Dictionary of National Biography, 1885-1900/Jollie, Thomas
JOLLIE, THOMAS (1629–1703), ejected minister, was born at Droylsden, near Manchester, on 14 Sept. 1629, and baptised on 29 Sept. at Gorton Chapel, then in the parish of Manchester. His father, Major James Jollie (1610–1666), was provost-marshal general of the forces in Lancashire (1642–7), and was nominated (2 Oct. 1646) an elder for Gorton in the first or Manchester classis in the presbyterial arrangement for Lancashire, but did not act, being an independent. He married Elizabeth Hall (d February 1689, aged 92), widow, of Droylsden, whose daughter by the former marriage was wife of Adam Martindale [q. v.] Thomas Jollie entered Trinity College, Cambridge, in 1645, two years earlier than Oliver Heywood [q. v.], with whom he formed a lifelong friendship. He does not seem to have graduated. Having received a unanimous call from the parishioners of Altham, a chapelry in the parish of Whalley, Lancashire, he settled there in September 1649. He formed at Altham despite opposition a ‘gathered church,’ and ministered there with growing repute. Excommunication was practised in his church with no respect of persons. In 1655 Jennet, daughter of Robert Cunliffe, a member of parliament for Lancashire, was excommunicated for promising marriage to a papist (John Grimshaw) ‘against the advice of the church.’ Jollie was one of twenty-one Lancashire ministers, presbyterian and independent, who met at Manchester on 13 July 1659 and subscribed ten articles of a proposed ‘accommodation’ between those two bodies. A further meeting was to have been held in the following September, but all such measures were broken off by the rising under George Booth, first lord Delamer (1622–1682) [q. v.] After the Restoration Jollie got into trouble through not using the prayer-book. Arrested on a warrant from three deputy-lieutenants, he was discharged on taking the oath of supremacy. A second arrest was followed by an attempt to forcibly prevent his preaching. At length he was cited to the bishop's court at Chester, and after three appearances was condemned to suspension. His suspension was delayed by the death of his bishop, Henry Ferne [q. v.], on 16 March 1662, but was carried into effect so as to prohibit him from preaching on 17 Aug. On the following Sunday (24 Aug.) the Uniformity Act came into force, and Jollie resigned his living.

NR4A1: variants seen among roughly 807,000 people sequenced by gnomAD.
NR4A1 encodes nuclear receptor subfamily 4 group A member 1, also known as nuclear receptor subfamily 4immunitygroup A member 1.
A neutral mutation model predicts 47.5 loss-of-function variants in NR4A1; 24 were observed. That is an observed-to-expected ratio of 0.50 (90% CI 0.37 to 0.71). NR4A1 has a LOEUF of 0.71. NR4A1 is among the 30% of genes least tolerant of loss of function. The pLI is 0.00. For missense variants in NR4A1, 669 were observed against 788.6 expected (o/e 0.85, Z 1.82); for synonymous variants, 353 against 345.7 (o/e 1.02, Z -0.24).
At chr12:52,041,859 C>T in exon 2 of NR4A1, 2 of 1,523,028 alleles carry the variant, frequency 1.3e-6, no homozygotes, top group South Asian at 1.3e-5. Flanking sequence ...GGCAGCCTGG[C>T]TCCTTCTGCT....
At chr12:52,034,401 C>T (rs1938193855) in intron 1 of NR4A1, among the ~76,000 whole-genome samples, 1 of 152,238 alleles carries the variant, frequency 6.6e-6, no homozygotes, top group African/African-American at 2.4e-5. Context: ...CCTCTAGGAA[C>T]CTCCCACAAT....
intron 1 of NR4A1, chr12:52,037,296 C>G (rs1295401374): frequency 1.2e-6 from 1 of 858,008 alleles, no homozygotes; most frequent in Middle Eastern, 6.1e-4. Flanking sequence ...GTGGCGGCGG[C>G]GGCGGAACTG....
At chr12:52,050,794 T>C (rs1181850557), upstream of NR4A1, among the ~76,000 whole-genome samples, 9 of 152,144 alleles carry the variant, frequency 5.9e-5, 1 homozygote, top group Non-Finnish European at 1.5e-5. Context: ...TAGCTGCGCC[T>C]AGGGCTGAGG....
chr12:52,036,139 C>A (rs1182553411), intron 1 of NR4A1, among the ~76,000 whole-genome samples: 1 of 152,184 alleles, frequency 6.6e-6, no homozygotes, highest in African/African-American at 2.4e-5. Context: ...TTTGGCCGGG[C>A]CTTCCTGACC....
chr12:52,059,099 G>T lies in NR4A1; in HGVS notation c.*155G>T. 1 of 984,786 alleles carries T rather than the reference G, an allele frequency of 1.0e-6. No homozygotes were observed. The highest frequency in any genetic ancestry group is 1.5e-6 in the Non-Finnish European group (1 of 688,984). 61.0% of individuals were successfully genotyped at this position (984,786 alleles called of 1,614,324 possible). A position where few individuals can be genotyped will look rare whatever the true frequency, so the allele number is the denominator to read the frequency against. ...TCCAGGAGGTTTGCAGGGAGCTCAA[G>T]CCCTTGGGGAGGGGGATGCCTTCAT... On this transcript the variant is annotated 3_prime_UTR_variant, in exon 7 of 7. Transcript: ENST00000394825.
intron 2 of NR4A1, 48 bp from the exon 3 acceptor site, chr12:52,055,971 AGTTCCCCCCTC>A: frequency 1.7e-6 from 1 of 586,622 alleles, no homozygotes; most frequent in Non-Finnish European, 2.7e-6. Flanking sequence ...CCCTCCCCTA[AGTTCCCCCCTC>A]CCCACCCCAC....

After a time he moved to Healey, near Burnley, Lancashire. Here in 1663 he was placed under arrest on suspicion, and was shortly afterwards committed to custody at Skipton, on the charge of keeping a conventicle. Soon after his release he was arrested while riding in Lancashire, and confined in York Castle for some months in the winter. In 1664 he was seized at a conventicle and imprisoned for eleven weeks in Lancaster Castle; in 1665 he was again under arrest. He had a friend in the presbyterian Lady Hoghton, whom he frequently visited at Hoghton Tower, Lancashire. In 1667 he bought the farmhouse of Wymondhouses, at the foot of Pendle Hill, near Clitheroe, in the parish of Whalley, Lancashire. In 1669 he was committed to gaol at Preston for six months, under the Five Miles Act, for preaching near Altham. On the indulgence of 1672 he took out licenses for four preaching places at and about Wymondhouses. An ingenious arrangement of the staircase at Wymondhouses enabled him to evade arrest while preaching there after the revocation of indulgence. He was committed, however, for preaching at Slaidburn, near Clitheroe, in 1674, and was fined 20l. In 1684 he was brought before Chief-justice Jeffreys at Preston for keeping conventicles, was bound over to the next assizes, and was then discharged by Baron Atkins. At the revolution he built a meeting-house at Wymondhouses adjoining his residence. In 1689 an additional building was licensed at Sparth, and another later at Newton-in-Bowland, both in the parish of Whalley.